Frank Horvat (1928–2020) was a man of dialogue: he was a big talker, always straightforward, no beating around the bush. Never self-aggrandizing, “he did take credit where credit was due.” He could be very critical of himself and his photography, sometimes measuring up against his ultimate role model: Henri Cartier-Bresson. Horvat met him in 1950, when he was twenty-two: HCB received him at the Magnum agency, then located at 125, rue du Faubourg Saint-Honoré in Paris (“He was a god, he still is.”). A funny situation: on the one hand, a full-of-himself polyglot who expected to be welcomed at Magnum “with open arms”; on the other, Cartier-Bresson, examining — believe it or not, upside down — Rolleiflex photographs of a religious procession in southern Italy handed him by the young Horvat. The master’s verdict: “This is total crap! You work with a square camera that sits on your stomach, but your eyes aren’t on your stomach. The square does nothing for the composition, only the rectangle allows you to apply the golden rule. Get yourself a Leica, and go to the Louvre to look at Poussin’s paintings to see what composition means….”
Although he never went to the Louvre, “not feeling mature enough for painting,” Horvat did buy a second-hand Leica, which brought him luck and “a bit of reputation,” and he traveled to India. His first fashion photographs already evince his vivid style tinged with mischief, rather unusual at a time when a sort of manic gallantry ruled the day. Preferring energetic shots, Horvat took to the streets in the company of models of “real beauty, a turned up nose, wrinkles, a small scar. (…) Photographing Miss Universe or her avatars was of no interest.”
Even later in life, Horvat talked with enthusiasm about his years as a fashion reporter. Thus in 2018, preparing an exhibition for the “in camera” gallery in Paris, he insisted on mixing staged photographs and those taken on the go, unexpected, “a gift from on high.” He enjoyed fashion photography, but shooting indoors bored him: “It was difficult… Trying to get something unexpected in the studio, you had to get up early. And that’s what interested me, the unexpected, even a dog barking in the frame…” On the fashion side, his idols were Richard Avedon and Irving Penn. He spent an afternoon in New York with the latter, without photographing or recording him; this was “one of the highlights of [his] life,” noted Horvat. He also appreciated portraits by Helmut Newton (his Ava Gardner!), whom he met early on in his career. Their mutual affection led to a collaboration at the magazine Jardin des Modes, a true gold mine, brilliantly curated by Jacques Moutin between 1948 and 1961.
Horvat’s book Entre Vues, published by Nathan in 1990, has been my personal gold mine. It is probably the book that I have quoted the most in my journal articles: Horvat’s sincere, even raw, interviews with figures like Jeanloup Sieff and Sarah Moon, Mario Giacomelli and Édouard Boubat, taught me a great deal. “I am a slave to money,” he once told Koudelka, who replied, “I am a slave to my head.” Horvat would invariably describe himself as destitute; for example, speaking to Don McCullin, he evoked his adolescence: “The war had just broken out in 1939, and we were refugees in a small town in Switzerland. The locals made us feel like we owed them our lives, which gave them the right to bully us a little. My high school classmates, in particular, had ganged up on me, motivated in part by pervasive anti-Semitism, and in part simply by the dislike they felt for this big, awkward boy who didn’t understand their dialect and who always avoided confrontation.”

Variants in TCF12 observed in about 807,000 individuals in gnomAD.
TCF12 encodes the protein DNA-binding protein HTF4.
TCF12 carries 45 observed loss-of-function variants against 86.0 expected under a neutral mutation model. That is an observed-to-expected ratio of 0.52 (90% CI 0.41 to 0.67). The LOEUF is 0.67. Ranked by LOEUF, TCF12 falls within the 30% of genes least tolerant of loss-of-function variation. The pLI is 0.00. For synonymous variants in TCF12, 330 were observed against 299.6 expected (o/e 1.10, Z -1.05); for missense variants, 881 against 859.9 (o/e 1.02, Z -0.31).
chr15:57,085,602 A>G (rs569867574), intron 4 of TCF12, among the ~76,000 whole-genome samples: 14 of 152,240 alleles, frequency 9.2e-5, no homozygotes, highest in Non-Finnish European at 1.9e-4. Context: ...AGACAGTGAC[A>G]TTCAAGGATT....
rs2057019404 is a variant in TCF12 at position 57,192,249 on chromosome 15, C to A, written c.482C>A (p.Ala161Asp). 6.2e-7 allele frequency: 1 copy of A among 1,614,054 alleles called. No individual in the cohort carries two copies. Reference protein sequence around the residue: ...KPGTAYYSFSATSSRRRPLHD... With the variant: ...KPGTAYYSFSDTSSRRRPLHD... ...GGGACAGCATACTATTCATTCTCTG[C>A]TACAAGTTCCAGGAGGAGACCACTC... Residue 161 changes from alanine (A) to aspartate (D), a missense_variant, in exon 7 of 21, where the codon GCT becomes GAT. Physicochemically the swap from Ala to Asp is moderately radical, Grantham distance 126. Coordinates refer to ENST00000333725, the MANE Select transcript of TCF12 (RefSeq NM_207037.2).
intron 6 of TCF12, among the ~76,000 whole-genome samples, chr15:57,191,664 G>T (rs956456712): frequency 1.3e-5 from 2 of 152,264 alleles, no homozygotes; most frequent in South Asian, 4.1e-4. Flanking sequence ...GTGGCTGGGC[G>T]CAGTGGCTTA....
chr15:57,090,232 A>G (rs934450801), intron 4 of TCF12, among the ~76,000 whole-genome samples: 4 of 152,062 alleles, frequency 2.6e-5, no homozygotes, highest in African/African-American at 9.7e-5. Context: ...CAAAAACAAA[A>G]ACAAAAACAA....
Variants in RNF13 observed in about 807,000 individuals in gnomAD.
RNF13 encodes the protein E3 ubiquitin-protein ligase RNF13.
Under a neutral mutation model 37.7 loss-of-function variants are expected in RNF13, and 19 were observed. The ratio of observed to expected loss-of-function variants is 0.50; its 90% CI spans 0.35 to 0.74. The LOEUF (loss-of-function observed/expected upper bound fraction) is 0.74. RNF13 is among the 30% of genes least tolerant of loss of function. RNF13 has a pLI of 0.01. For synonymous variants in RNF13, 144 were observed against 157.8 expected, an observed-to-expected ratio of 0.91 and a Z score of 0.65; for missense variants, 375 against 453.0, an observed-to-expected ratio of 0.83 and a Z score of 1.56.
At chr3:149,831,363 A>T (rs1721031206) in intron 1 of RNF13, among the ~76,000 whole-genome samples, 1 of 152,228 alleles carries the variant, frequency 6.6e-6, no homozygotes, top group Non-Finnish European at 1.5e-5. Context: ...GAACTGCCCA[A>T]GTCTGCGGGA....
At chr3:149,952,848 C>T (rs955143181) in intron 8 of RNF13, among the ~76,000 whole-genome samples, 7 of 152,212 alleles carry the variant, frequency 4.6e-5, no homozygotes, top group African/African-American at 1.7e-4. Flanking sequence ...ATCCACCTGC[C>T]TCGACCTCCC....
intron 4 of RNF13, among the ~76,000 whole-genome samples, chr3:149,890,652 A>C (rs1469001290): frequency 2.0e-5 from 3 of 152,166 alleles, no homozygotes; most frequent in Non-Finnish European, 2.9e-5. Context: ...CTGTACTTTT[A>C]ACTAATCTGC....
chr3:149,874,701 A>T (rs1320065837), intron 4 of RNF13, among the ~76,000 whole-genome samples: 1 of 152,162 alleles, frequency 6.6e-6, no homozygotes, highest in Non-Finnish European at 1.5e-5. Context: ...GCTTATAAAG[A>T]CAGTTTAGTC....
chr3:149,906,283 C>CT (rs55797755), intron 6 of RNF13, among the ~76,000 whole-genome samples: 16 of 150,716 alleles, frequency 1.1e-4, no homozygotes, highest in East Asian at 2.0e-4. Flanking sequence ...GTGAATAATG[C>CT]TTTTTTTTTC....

These rough school years gave Frank Horvat an appreciation for happiness and freedom. He would later enjoy photographing sculptures by Degas and trees (walnut trees in Dordogne, lime trees in Yorkshire, willows in the Jura, etc.). He became passionate to the core about the digital image. “I’ve never done anything that’s very consistent, reportage, color, portraiture: when I show my work, my fashion photos or my New York photos, no one ever said they liked it all.” His non-exclusive passions annoyed him a little, like Paris, which he hated (“everything is a cliché there”), preferring Cotignac and the surrounding hills of the Var department, or New York, in color and snowed-in, some of his most sensuous works. “I photographed in color without thinking too much about it. The color itself did not motivate me, but I took it into account. I am not like Saul Leiter, whom I admire, a committed colorist. I love New York with all my heart, I feel at home there, even if this metropolis hasn’t done me any favors. Everything is about money and laced with brutality, but I like that. There is also exuberance, it’s impossible to take in everything, you have to retrace your steps, and that’s what’s beautiful, this unexpected profusion, like a Pollock painting.”
We met at his home in Boulogne-Billancourt, in his photo studio, a space that seemed immense. “Here, nothing is aesthetic, everything is calculated to take advantage of the light.” He had not changed over the years: the same tone of voice, combative and lucid; the same hunger for a lively conversation. He tolerated no half-heartedness, no whining, always ready to pick a fight. He did not want to become invisible or to be without photography. With him, you couldn’t avoid forming an opinion (“But what do you think of these photos?”). Frank Horvat was human through and through. A sense of solidarity? Solitary is how he described himself at the time of the release of his book Entre vues, in 1990. “A wandering and intolerant Jew. Someone with roots can be tolerant, I am not. That’s why I’m always at war with myself.”
Frank Horvat’s site
My favorite among Frank Horvat’s books: Degas: Sculptures, Imprimerie Nationale 1991, with text by Anne Pingeot.